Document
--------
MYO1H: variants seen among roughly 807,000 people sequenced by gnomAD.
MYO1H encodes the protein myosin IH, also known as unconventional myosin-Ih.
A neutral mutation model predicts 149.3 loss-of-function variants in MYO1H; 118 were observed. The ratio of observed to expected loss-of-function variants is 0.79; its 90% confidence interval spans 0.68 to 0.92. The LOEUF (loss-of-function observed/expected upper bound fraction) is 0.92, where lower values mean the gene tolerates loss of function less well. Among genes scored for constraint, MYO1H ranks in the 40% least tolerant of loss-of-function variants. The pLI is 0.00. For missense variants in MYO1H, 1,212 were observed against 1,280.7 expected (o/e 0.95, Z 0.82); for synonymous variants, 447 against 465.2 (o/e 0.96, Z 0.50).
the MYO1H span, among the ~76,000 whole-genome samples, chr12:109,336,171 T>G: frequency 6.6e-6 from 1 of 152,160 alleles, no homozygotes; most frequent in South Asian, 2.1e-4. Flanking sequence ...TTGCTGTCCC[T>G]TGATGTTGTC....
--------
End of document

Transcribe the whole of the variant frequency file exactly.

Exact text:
MYO1H: variants seen among roughly 807,000 people sequenced by gnomAD.
MYO1H encodes the protein myosin IH, also known as unconventional myosin-Ih.
A neutral mutation model predicts 149.3 loss-of-function variants in MYO1H; 118 were observed. The ratio of observed to expected loss-of-function variants is 0.79; its 90% confidence interval spans 0.68 to 0.92. The LOEUF (loss-of-function observed/expected upper bound fraction) is 0.92, where lower values mean the gene tolerates loss of function less well. Among genes scored for constraint, MYO1H ranks in the 40% least tolerant of loss-of-function variants. The pLI is 0.00. For missense variants in MYO1H, 1,212 were observed against 1,280.7 expected (o/e 0.95, Z 0.82); for synonymous variants, 447 against 465.2 (o/e 0.96, Z 0.50).
the MYO1H span, among the ~76,000 whole-genome samples, chr12:109,336,171 T>G: frequency 6.6e-6 from 1 of 152,160 alleles, no homozygotes; most frequent in South Asian, 2.1e-4. Flanking sequence ...TTGCTGTCCC[T>G]TGATGTTGTC....